For the fourth year in a row, Jersey Mike’s Subs has awarded five $5,000 Sub Abover grants to those making a difference in their local communities. The grants are designed to help the winners make an even bigger impact.
“Each year, we are inspired reading the stories of so many who are making a difference in someone’s life,” says Rich Hope, Chief Marketing Officer, Jersey Mike’s Franchise Systems, Inc. “That’s been a guiding principle of Jersey Mike’s since our Founder Peter Cancro bought his first sub shop at the age of 17, and we’re happy to recognize these 2021 award recipients who are fulfilling that vision.”
Selected from nearly 5,000 nominations, the 2021 Sub Abover Grants were awarded to:
Mike Jones, The Guru School, in Durham, N.C. “Mike has set up Durham, N.C.’s first minority-owned youth center, and is making a huge difference in the lives of underserved children in his community,” read his nomination. The Guru School started as a basketball skills training program and has developed into a youth center providing after-school tutoring, meals and a safe place to hang out. The program also supports families impacted by Covid-19 by helping students with virtual learning. “Earth is where we live and rent is helping other people,” Mike said. “I try to teach the kids that it’s not about you. How wonderful a place the world would be if we were not only speaking of ourselves.”
Quentin and Jacqueline Murray, The Veteran’s Place, in New Llano, La. Quentin, who served in the U.S. Army for nearly 26 years, and his wife, Jacqueline, established The Veteran’s Place as a nonprofit in 2018. With their motto, “Veterans Helping Veterans,” the organization has served as an important gathering place and resource center offering veteran benefit assistance, community outreach and support, meal programs and food boxes, and more. In response to Covid-19, they partnered with the Food Bank of Central Louisiana and by the end of April 2020, had fed more than 31,500 people. The grant will go toward a new project. “Vernon Parish doesn’t have a shelter and we are starting to renovate space to open what we call ‘The Opportunity House’ to provide immediate shelter for the homeless or if there is a natural disaster,” Quentin said.
Rosalind Rayford, Bella House, in Dallas. A year ago, after earning her master’s degree in social work, Rosalind began working as a senior case manager at Bella House, a residential maternity home for homeless mothers and babies. Bella House provides for the immediate physical and emotional needs of the mothers including shelter, food, clothing and a supportive community. “It’s important for us to work in a nonjudgmental place where the moms feel wanted and needed,” Rosalind said. “We are providing a safe haven and are committed to providing programs that inspire transformation and brighter futures for mothers and their children.”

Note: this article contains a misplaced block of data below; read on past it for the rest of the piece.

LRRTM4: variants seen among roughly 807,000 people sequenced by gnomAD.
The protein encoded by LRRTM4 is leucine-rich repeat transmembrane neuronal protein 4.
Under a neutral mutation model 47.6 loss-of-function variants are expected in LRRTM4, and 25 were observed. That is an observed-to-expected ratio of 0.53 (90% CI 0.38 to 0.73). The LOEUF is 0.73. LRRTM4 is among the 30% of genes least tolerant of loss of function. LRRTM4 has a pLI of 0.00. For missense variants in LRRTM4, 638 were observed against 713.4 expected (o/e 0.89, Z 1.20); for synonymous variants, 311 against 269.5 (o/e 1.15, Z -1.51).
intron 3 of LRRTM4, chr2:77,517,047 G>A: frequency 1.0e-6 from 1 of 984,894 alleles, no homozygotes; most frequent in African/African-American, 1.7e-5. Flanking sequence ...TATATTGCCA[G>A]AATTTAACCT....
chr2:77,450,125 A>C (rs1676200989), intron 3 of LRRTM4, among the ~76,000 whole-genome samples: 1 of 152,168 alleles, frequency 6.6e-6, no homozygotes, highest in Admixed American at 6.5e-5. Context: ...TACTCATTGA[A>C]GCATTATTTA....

Jillian Voehl, The Stars Vipers Rainboas, in Richmond, Texas. Jillian, 19, is program director of The Stars Vipers Rainboas, a Cheer Abilities team providing an opportunity for athletes of all abilities to participate and compete in the sport of cheerleading. “Every year, the team asks for more sparkles, and part of the grant will go toward new uniforms,” said Jillian, a student at the University of Houston, majoring in engineering. “It will also help to cover the costs of transportation for athletes to and from competitions and other associated costs for families.”
Emma White, Life Is Worth It, in Reno, Nev. Emma, a suicide survivor, launched Life Is Worth It after seeing the suicide numbers in teens increase due to the pandemic. Built on Emma’s book, It’s Not OK But It Will Be, the organization provides in person and virtual workshops for schools and athletic/club organizations. LifeIsWorthIt.org is a hub for resources, featuring self-help readings and a community of survivors for inspiration to keep fighting. “As a teen struggling with depression due to bullying in high school, I didn’t understand why it was happening, how to cope with mental illness or what the resources were,” Emma said. “I launched Life Is Worth It to provide the help and guides I wish I had at 15.”
“Giving … making a difference in someone’s life” has been the mission of Jersey Mike’s from the beginning. It started with Jersey Mike’s Founder Peter Cancro who shares the importance of giving back and inspires the rest of the company.
Jersey Mike’s believes that making a sub sandwich and making a difference can be one and the same. During the pandemic alone, franchise owners across the country have donated millions of sub sandwiches to healthcare workers, seniors, children and others. The company also donated more than $5 million to Feeding America, $1 million to Aaron Judge’s ALL RISE Foundation and $1 million to support the USTA Foundation’s mission to bring tennis and education together to change lives.